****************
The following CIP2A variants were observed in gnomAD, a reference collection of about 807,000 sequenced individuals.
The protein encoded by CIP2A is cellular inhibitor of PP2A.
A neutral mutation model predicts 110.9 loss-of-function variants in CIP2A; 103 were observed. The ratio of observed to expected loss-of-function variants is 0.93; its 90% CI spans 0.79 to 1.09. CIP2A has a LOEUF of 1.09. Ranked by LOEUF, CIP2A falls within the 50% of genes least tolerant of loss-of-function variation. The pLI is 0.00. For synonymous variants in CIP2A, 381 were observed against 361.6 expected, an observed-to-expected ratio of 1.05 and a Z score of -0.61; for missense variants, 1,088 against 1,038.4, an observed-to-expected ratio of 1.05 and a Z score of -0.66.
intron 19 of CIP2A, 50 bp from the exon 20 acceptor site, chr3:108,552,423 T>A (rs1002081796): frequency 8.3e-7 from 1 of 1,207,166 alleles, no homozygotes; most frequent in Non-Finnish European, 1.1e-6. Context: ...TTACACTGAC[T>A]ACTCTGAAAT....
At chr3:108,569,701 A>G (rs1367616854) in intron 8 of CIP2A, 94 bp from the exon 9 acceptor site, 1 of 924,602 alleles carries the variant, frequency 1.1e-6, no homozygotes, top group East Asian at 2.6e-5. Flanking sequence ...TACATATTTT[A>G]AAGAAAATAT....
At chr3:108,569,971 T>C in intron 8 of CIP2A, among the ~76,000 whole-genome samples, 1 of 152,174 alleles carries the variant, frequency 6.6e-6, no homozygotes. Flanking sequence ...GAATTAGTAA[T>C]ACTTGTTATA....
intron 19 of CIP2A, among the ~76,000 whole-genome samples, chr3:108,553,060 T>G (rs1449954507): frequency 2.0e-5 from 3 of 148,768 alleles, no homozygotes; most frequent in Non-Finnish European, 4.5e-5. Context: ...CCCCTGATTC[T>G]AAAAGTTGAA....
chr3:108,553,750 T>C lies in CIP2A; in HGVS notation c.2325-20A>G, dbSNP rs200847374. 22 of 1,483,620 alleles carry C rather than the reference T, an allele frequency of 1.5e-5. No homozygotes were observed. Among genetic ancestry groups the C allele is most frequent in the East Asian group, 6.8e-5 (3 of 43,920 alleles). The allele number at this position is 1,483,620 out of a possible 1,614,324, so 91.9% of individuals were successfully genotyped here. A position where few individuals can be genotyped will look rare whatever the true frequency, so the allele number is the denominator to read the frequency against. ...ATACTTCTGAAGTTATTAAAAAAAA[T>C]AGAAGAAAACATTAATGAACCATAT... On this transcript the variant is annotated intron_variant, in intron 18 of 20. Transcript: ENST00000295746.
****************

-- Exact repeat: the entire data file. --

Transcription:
The following CIP2A variants were observed in gnomAD, a reference collection of about 807,000 sequenced individuals.
The protein encoded by CIP2A is cellular inhibitor of PP2A.
A neutral mutation model predicts 110.9 loss-of-function variants in CIP2A; 103 were observed. The ratio of observed to expected loss-of-function variants is 0.93; its 90% CI spans 0.79 to 1.09. CIP2A has a LOEUF of 1.09. Ranked by LOEUF, CIP2A falls within the 50% of genes least tolerant of loss-of-function variation. The pLI is 0.00. For synonymous variants in CIP2A, 381 were observed against 361.6 expected, an observed-to-expected ratio of 1.05 and a Z score of -0.61; for missense variants, 1,088 against 1,038.4, an observed-to-expected ratio of 1.05 and a Z score of -0.66.
intron 19 of CIP2A, 50 bp from the exon 20 acceptor site, chr3:108,552,423 T>A (rs1002081796): frequency 8.3e-7 from 1 of 1,207,166 alleles, no homozygotes; most frequent in Non-Finnish European, 1.1e-6. Context: ...TTACACTGAC[T>A]ACTCTGAAAT....
At chr3:108,569,701 A>G (rs1367616854) in intron 8 of CIP2A, 94 bp from the exon 9 acceptor site, 1 of 924,602 alleles carries the variant, frequency 1.1e-6, no homozygotes, top group East Asian at 2.6e-5. Flanking sequence ...TACATATTTT[A>G]AAGAAAATAT....
At chr3:108,569,971 T>C in intron 8 of CIP2A, among the ~76,000 whole-genome samples, 1 of 152,174 alleles carries the variant, frequency 6.6e-6, no homozygotes. Flanking sequence ...GAATTAGTAA[T>C]ACTTGTTATA....
intron 19 of CIP2A, among the ~76,000 whole-genome samples, chr3:108,553,060 T>G (rs1449954507): frequency 2.0e-5 from 3 of 148,768 alleles, no homozygotes; most frequent in Non-Finnish European, 4.5e-5. Context: ...CCCCTGATTC[T>G]AAAAGTTGAA....
chr3:108,553,750 T>C lies in CIP2A; in HGVS notation c.2325-20A>G, dbSNP rs200847374. 22 of 1,483,620 alleles carry C rather than the reference T, an allele frequency of 1.5e-5. No homozygotes were observed. Among genetic ancestry groups the C allele is most frequent in the East Asian group, 6.8e-5 (3 of 43,920 alleles). The allele number at this position is 1,483,620 out of a possible 1,614,324, so 91.9% of individuals were successfully genotyped here. A position where few individuals can be genotyped will look rare whatever the true frequency, so the allele number is the denominator to read the frequency against. ...ATACTTCTGAAGTTATTAAAAAAAA[T>C]AGAAGAAAACATTAATGAACCATAT... On this transcript the variant is annotated intron_variant, in intron 18 of 20. Transcript: ENST00000295746.